However Stevens may not really care as his term is expiring in Sept 2013.
      In my opinion int rates have stayed too high for too long due to the series of mistakes made by RBA in relation to their forecasting and double standards in relation to using underlying statistics whenever it chooses to do so or whenever it suits them and no one can question them as they are deemed to be independent .If inflation is the reason for not cutting rates now then this will be a contradiction as they had previously stated that they would look through the impact of carbon tax as they did with GST. The problem we have got is that we have an inept Fed Govt as well as an inept RBA therefore the blind leading the blind.The only way we can get the consumer confidence back is to cut the rates and keep them down and not jump at inflation shadows as they have previously done.There are too many crosswind to be able to properly gauge inflation .Inflation is actually is better then deflation.
      On another note history has shown that decreasing house prices always results in a change in govt.

      Commenter
      NO CONFIDENCE
      Location
      CASTLE HILL
      Date and time
      November 05, 2012, 3:07PM
    • Hi dinkumnet..

      love your analysis.... so balanced..

      punish the evil savers and reward the saintly debtors (property investors)

      Commenter
      tim
      Location
      adelaide
      Date and time
      November 05, 2012, 3:33PM
    • As stated last week ....... interests rates to stay the same.

      Expect to see a drop in December.

      Commenter
      J. Fraser
      Location
      Queensland
      Date and time
      November 05, 2012, 3:42PM
    • Any evidence you'd care to share to support that comment? Otherwise i think we can safely discount it as partisan or ideological claptrap.

      Commenter
      Harry
      Location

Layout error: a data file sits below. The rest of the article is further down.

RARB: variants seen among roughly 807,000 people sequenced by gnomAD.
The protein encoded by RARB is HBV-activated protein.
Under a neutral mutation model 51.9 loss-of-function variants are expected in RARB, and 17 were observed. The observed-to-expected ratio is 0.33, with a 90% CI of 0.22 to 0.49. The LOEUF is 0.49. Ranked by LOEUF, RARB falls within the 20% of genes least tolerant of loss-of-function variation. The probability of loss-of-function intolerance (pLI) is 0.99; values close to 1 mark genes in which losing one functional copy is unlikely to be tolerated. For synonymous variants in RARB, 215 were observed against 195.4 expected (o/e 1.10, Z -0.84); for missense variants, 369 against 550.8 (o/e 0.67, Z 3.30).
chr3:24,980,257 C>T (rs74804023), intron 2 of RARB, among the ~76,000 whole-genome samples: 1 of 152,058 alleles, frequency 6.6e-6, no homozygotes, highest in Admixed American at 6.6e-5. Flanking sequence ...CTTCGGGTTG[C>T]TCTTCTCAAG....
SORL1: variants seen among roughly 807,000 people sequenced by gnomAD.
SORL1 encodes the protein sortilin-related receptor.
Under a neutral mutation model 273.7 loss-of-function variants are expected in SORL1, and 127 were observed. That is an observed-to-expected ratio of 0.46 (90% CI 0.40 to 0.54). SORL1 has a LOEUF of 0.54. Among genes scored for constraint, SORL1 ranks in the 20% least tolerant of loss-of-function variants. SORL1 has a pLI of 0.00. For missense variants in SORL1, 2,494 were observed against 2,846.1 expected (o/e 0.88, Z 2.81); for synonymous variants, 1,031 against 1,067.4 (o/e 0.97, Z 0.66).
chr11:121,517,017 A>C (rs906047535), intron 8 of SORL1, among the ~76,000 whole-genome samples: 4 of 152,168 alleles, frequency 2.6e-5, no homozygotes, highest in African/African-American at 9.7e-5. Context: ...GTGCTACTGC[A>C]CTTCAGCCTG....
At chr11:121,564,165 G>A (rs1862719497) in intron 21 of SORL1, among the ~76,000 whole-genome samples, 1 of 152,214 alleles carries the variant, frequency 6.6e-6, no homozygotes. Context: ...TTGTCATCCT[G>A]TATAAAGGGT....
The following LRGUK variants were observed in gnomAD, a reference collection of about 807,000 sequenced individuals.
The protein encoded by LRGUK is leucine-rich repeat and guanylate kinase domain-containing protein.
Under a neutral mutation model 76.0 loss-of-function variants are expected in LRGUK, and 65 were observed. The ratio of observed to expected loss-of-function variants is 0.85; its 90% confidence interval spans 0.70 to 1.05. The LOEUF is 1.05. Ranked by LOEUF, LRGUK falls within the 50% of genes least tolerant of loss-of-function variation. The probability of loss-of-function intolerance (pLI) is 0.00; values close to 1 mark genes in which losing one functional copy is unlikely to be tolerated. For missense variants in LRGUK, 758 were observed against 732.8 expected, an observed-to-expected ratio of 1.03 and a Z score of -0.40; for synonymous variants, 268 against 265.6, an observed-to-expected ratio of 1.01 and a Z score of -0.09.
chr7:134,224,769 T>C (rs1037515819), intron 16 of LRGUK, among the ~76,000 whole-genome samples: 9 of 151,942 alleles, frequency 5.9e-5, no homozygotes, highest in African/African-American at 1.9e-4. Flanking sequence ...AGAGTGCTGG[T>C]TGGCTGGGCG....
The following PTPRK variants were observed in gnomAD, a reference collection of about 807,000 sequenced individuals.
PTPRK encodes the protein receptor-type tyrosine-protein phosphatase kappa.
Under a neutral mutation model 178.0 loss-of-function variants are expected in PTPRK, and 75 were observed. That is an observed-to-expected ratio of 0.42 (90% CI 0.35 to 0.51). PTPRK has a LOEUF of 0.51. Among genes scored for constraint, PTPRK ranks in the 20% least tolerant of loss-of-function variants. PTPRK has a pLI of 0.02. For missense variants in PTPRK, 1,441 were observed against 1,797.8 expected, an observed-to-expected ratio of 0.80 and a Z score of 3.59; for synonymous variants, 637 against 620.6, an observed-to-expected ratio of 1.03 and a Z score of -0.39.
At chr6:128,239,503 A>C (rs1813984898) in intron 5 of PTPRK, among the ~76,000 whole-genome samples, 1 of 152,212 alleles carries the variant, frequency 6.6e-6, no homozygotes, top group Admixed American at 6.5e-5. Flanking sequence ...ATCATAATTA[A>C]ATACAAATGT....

Churchill
      Date and time
      November 05, 2012, 3:44PM
    • J Fraser is on the money, it goes cut then no cut. This is one of the easiest things to get on at the bookies tmrw!

      Commenter
      elloco
      Date and time
      November 05, 2012, 4:39PM
    • Tim | Adelaide - that's a good way of putting it, "evil savers and saintly property investors", if everyone was a property investor we would have a more responsible society, maybe it's time to put the GST on rent, then Swanny could have his surplus, and interest rates can go down some more. Paying rent and saving in cash is like gambling, needs to be discouraged. GST is already charged on trailer trash and hotel dwellers, why not everyone else. More GST please Mr. Abbott, and tax those vacant houses and "landbank" properties too.

      Commenter
      bg
      Date and time
      November 05, 2012, 5:33PM
  • Remember Howard spruiking that interest rates would always be lower under a Coalition government!!!...BZZZZZ Sorry Johnny but interest rates are now lower under a LABOR government and getting lower!!!..This is BRILLIANT news for investors!!..Also i heard that Abbotts policies will cost business's billions of dollars in costs,even if he scraps the Carbon Price..not a good look for the future under a destructive Abbott Coalission Train wreck.

    Commenter
    Toxic Tony
    Date and time
    November 05, 2012, 2:41PM